1886. When the body of Arthur Waybourne, a sixteen-year old syphlitic sodomized well-to-do boy, is discovered in the sewer-slums of Bluegate Fields, Thomas Pitt is called in to investigate. As the scandal grows, and key clues are concealed by others -- family members fearing further scandal, and/or the killer himself -- Pitt finds himself in treacherous social waters that my end his career.

Then Pitt gets a break: Arthur's unpopular Latin tutor, Maurice Jerome, is arrested for the double crime (homosexual acts are illegal), tried and sentenced to be hanged in three weeks.

But the evidence doesn't add up. Thomas and his wife, Charlotte, both disturbed by the lack of solid facts, investigate separately -- Charlotte, with the help of her socially-adept sister Emily Ashworth, and their great-aunt Vespasia Cummings-Gould (aka Aunt Vespasia), whose observance of social etiquette masks her sharp memory regarding old scandals.

All of this happens nine months after the occurrences of Rutland Place. Jemima Pitt, Charlotte and Thomas's daughter, is two and a half. Daniel, three months old, is the newest addition to the Pitt family. And telephones are beginning to appear in the homes of the select rich.

Wonderful book, this. Perry rearranges her story structure and the nature of Waybourne's murder, which breathes further life into this consistently intriguing mystery series. While I spotted the villain straight away, it wasn't through any sharp-eyed reading; it was through bias. (I didn't like the character, so I wanted it to be that character.)

So check it out. Heck, check out the whole series! Be warned -- there are twenty-three books in it.

Followed by Death in the Devil's Acre

Tuesday, January 02, 2007

Artemis Fowl: The Lost Colony, by Eoin Colfer

(hb; 2006: fifth book in the Artemis Fowl series)

From the inside flap:

“Thousands of years ago, fairies and humans fought a great battle for the magical island of Ireland. When it became clear that they could not win, all of the fairies moved belowground – except for the 8th Family, the demons. Rather than surrender, they used a magical time spell to take their colony out of time and into Limbo. There they have lived for decades, preparing to exact their violent revenge on humans.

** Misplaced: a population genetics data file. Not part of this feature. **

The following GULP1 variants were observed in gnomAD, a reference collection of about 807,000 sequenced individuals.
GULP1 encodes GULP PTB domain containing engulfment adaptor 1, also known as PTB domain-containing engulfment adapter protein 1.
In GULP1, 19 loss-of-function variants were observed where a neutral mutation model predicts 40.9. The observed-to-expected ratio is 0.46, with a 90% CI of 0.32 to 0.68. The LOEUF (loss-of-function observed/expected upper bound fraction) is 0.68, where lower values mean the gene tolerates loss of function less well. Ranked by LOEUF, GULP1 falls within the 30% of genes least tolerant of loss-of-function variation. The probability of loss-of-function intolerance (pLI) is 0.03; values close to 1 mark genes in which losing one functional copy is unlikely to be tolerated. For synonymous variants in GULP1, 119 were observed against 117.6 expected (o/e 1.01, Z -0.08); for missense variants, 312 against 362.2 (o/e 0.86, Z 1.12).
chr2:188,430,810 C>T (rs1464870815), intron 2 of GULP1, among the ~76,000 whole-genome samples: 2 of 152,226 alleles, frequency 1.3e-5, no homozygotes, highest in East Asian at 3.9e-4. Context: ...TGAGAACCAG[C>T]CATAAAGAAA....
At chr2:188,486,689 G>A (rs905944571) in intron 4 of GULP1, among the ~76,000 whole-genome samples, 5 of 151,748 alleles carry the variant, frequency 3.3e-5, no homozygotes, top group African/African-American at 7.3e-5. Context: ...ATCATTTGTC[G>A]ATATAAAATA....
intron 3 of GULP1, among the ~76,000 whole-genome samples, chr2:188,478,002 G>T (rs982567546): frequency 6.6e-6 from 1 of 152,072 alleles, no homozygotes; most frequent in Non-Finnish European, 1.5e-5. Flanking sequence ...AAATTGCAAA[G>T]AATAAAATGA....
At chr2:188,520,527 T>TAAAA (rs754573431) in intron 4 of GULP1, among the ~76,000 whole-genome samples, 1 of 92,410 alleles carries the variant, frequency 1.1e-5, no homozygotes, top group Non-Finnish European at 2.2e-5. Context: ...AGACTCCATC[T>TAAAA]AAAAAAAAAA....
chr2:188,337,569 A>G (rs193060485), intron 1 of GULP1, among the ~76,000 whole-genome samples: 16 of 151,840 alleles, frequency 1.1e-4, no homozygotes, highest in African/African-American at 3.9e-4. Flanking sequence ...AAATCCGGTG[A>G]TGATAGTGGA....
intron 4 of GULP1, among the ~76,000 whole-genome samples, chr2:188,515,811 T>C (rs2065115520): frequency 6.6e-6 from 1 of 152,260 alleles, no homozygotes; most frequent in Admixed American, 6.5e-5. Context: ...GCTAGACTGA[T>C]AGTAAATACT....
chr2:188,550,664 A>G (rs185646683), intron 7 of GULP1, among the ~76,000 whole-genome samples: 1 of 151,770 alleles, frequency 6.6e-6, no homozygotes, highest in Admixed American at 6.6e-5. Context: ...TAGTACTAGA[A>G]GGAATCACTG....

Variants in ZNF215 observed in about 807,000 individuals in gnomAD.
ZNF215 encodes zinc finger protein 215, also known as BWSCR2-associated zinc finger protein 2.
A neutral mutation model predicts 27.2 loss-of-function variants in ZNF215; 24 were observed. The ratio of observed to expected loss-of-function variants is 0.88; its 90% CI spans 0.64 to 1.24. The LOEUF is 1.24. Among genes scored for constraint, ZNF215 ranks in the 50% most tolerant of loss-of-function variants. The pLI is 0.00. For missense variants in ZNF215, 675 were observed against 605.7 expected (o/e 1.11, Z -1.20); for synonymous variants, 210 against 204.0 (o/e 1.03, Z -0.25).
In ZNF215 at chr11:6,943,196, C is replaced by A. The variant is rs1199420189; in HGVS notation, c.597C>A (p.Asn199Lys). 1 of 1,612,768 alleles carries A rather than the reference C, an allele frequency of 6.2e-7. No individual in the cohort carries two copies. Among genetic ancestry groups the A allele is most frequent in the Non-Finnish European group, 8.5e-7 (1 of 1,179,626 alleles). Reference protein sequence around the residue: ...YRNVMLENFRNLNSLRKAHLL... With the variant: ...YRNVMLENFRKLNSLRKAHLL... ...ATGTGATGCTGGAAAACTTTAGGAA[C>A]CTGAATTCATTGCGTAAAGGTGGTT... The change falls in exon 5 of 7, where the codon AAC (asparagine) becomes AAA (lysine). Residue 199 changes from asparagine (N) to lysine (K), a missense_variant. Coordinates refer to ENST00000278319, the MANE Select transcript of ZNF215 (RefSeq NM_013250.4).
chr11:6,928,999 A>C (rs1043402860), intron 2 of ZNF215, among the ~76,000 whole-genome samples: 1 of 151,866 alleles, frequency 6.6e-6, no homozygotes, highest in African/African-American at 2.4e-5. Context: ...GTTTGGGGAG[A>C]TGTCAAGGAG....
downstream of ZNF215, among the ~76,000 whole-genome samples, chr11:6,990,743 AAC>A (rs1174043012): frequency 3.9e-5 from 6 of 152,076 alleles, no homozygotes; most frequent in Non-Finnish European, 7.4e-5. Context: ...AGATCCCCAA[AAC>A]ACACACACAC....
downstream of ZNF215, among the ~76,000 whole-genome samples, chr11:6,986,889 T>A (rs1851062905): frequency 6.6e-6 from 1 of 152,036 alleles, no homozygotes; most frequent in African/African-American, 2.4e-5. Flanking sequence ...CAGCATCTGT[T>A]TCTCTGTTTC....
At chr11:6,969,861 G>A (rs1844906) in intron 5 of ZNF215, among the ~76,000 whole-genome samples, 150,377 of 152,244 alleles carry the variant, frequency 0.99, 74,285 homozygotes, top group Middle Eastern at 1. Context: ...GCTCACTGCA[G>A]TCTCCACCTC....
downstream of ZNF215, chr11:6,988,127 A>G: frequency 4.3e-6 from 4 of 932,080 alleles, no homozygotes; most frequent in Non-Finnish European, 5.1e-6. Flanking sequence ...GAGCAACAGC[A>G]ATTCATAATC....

“Now the time spell is unraveling, and demons are beginning to materialize without warning on Earth. If humans were to find out about them, all fairies would be exposed. To protect themselves, the fairies must predict when the next demon will materialize. But in order to do so, they will have to decipher equations so complicated, even a great brain like Foaly can’t understand them. But he knows someone who can: Artemis Fowl.

“So when a very confused demon imp appears in a Sicilian theater, Artemis is there to meet him. But he is not alone. There is someone else who has unlocked the secrets of the fairy world and managed to solve complex mathematical problems as only a genius could. And she is just twelve years old…”


The whole gang is back: Holly Short, ex-LEPrecon-officer-turned-private-investigator; Mulch Diggums, Holly’s gas-passing dwarf business partner; Butler, Artemis’s level-headed bodyguard; Foaly, LEPrecon’s techno-geek centaur slash resident genius.

And there are new characters, too – Doodah Day, a fish-eating pixie and smuggler; and, more importantly (in this novel, anyway), Minerva Paradizo, a twelve-year old super-criminal girl, who is Artemis’s counterpart – in more ways than one.

Like the four previous Artemis Fowl novels, the plot is solid, the pace is mad-dash, the characters are semi-quirky, and crazy imaginings abound.

If you haven’t read the Artemis Fowl novels, you should. Read in order, these witty, accelerandic adventures are an out-and-out collective pleasure.

Followed by Artemis Fowl: The Time Paradox.

<em>The Letter, the Witch and the Ring</em> by John Bellairs

(pb; 1976: third book in the Lewis Barnavelt mysteries . Drawings by Richard Egielski .) From the back cover “Rose Rita [Pottinger]...